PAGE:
Our work revealed that minimum AVN depth increases logarithmically with age (Fig 4). This increase in depth occurred for the complete node (Fig 4C) and in the compact region. Regression analysis of the relationship between age and depth in the extension and His bundle region was inconclusive. Our findings suggest that procedural methods and localization approaches in cardiac surgery and interventional cardiology should be adapted to the age of patients. We consider three fields of application of our findings: surgical tissue handling, placement and design of pacing electrodes, and choice of imaging modality and image settings for localization of the AVN. Handling of tissues in surgical procedures should take the age-dependent proximity of the AVN to the endocardial surface into account. In particular the AVN in juveniles is superficial and surgical interventions causing tissue damage and tension at the endocardial surface can be expected to directly affect the AVN. Also, we propose that information on the depth of the AVN is useful for placement of electrical leads and design of pacing electrodes to specifically target this CCS component in the developing heart. Furthermore, our findings suggest that the choice of imaging modalities and image settings should reflect how age affects the location of CCS components. The measured depths of AVNs suggest that imaging techniques require an imaging depth of over 1 mm in order to comprehensively cover the AVN from origination to transition to His bundle. There are, however, sites of minimum depth in each AVN of neonate and juvenile animals that require a smaller imaging depth (<400 μm) for localization.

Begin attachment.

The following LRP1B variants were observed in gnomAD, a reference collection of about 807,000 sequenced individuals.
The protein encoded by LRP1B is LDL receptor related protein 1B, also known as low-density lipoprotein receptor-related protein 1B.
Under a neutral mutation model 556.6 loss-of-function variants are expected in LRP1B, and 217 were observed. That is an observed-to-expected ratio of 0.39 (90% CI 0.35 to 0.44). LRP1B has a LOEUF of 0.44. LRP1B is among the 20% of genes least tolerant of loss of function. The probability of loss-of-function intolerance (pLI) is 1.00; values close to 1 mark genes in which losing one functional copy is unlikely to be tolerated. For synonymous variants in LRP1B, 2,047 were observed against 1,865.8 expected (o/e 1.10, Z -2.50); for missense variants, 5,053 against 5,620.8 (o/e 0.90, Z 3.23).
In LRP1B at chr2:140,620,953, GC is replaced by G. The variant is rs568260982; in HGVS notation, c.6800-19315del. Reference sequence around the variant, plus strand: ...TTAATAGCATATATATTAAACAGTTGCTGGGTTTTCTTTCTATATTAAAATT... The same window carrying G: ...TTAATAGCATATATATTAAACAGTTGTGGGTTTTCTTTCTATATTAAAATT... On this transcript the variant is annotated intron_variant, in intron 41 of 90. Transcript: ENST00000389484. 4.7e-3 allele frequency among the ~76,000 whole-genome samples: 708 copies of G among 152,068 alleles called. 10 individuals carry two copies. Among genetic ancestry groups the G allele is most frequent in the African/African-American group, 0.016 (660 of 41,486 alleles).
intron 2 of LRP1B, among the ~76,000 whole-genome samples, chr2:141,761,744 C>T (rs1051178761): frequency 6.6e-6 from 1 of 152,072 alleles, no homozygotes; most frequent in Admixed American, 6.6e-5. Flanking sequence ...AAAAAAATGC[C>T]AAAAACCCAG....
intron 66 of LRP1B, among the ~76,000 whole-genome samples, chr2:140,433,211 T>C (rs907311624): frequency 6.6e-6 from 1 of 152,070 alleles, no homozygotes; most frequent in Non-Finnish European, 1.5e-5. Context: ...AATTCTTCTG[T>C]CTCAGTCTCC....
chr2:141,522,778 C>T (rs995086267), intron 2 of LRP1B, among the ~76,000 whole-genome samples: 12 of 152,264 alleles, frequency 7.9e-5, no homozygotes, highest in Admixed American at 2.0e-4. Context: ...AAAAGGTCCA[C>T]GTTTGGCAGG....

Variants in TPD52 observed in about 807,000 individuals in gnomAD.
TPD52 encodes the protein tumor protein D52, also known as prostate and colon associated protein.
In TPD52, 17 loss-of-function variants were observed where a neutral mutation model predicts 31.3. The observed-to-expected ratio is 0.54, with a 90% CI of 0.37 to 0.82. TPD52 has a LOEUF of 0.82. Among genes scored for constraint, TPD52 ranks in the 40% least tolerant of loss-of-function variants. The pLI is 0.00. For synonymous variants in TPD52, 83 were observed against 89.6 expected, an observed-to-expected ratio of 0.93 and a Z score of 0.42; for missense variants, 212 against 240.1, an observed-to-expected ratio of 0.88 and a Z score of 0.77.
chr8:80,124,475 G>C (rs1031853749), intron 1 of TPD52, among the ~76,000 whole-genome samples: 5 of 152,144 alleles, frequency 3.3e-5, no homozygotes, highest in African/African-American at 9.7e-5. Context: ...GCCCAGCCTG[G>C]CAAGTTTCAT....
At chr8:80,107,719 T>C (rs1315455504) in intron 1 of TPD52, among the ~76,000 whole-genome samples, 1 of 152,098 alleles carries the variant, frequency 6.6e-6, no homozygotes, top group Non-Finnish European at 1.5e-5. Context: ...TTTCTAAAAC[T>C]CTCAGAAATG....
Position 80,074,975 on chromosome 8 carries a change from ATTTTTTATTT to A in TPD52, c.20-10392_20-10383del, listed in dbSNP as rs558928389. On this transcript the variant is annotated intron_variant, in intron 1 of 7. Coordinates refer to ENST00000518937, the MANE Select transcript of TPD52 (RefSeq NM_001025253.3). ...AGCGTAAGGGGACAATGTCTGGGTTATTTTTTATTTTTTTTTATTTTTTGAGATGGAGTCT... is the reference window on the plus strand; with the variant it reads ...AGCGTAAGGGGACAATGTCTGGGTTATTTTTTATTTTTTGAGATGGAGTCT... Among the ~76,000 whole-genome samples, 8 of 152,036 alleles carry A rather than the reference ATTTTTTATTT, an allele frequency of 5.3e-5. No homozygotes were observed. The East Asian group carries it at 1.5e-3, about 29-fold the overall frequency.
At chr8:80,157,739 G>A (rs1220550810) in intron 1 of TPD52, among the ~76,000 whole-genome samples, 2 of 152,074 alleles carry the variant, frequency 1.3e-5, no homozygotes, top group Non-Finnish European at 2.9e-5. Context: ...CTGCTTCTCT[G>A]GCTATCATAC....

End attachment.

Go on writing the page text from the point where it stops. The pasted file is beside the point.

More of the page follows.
Our study indicated, through the quantification of trichrome red percentages in tissue superficial to the AVN and imaging of sections parallel to the endocardial surface, that it is possible to use superficial tissue composition and microstructure to identify nodal components. Superficial tissues exhibited significantly different trichrome red percentages between tissue cephalic or caudal to the AVN and the actual AVN nodal region (Fig 5). Our dual red thresholding method allowed us to relate the trichrome red percentage to the local myocardial volume fraction within these complex tissue sections. By detecting variations in myocardial volume fraction around the triangle of Koch, clinicians and researchers will be able to accurately localize deeper nodal structures. The decrease in myocardial volume fraction superficial to the AVN is due to the thinning of the RA overlay and higher volume fraction of connective tissue adjacent to the AVN and within networks of AVN transitional cells [5658]. Accuracy of such a localization method is further enhanced by the significant decrease in myocardial volume fraction caudal to the node (Fig 5H).